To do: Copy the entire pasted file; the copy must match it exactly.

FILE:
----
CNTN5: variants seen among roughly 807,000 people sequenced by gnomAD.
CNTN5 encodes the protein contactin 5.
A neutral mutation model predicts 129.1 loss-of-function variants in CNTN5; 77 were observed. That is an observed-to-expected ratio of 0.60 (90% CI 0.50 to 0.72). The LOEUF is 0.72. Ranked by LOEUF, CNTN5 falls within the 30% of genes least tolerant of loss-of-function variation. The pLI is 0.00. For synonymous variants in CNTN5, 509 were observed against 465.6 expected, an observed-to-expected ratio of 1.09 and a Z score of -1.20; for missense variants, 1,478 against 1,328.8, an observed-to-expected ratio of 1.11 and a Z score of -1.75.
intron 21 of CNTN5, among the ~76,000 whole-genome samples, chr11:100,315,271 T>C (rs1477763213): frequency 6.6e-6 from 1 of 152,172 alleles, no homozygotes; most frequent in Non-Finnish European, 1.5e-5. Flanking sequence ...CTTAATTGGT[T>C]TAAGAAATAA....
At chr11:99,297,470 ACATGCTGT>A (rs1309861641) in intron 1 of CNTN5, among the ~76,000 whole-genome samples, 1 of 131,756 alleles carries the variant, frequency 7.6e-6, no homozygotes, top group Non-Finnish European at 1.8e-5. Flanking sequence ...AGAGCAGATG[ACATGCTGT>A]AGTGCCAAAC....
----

CNTN5: variants seen among roughly 807,000 people sequenced by gnomAD.
CNTN5 encodes the protein contactin 5.
A neutral mutation model predicts 129.1 loss-of-function variants in CNTN5; 77 were observed. That is an observed-to-expected ratio of 0.60 (90% CI 0.50 to 0.72). The LOEUF is 0.72. Ranked by LOEUF, CNTN5 falls within the 30% of genes least tolerant of loss-of-function variation. The pLI is 0.00. For synonymous variants in CNTN5, 509 were observed against 465.6 expected, an observed-to-expected ratio of 1.09 and a Z score of -1.20; for missense variants, 1,478 against 1,328.8, an observed-to-expected ratio of 1.11 and a Z score of -1.75.
intron 21 of CNTN5, among the ~76,000 whole-genome samples, chr11:100,315,271 T>C (rs1477763213): frequency 6.6e-6 from 1 of 152,172 alleles, no homozygotes; most frequent in Non-Finnish European, 1.5e-5. Flanking sequence ...CTTAATTGGT[T>C]TAAGAAATAA....
At chr11:99,297,470 ACATGCTGT>A (rs1309861641) in intron 1 of CNTN5, among the ~76,000 whole-genome samples, 1 of 131,756 alleles carries the variant, frequency 7.6e-6, no homozygotes, top group Non-Finnish European at 1.8e-5. Flanking sequence ...AGAGCAGATG[ACATGCTGT>A]AGTGCCAAAC....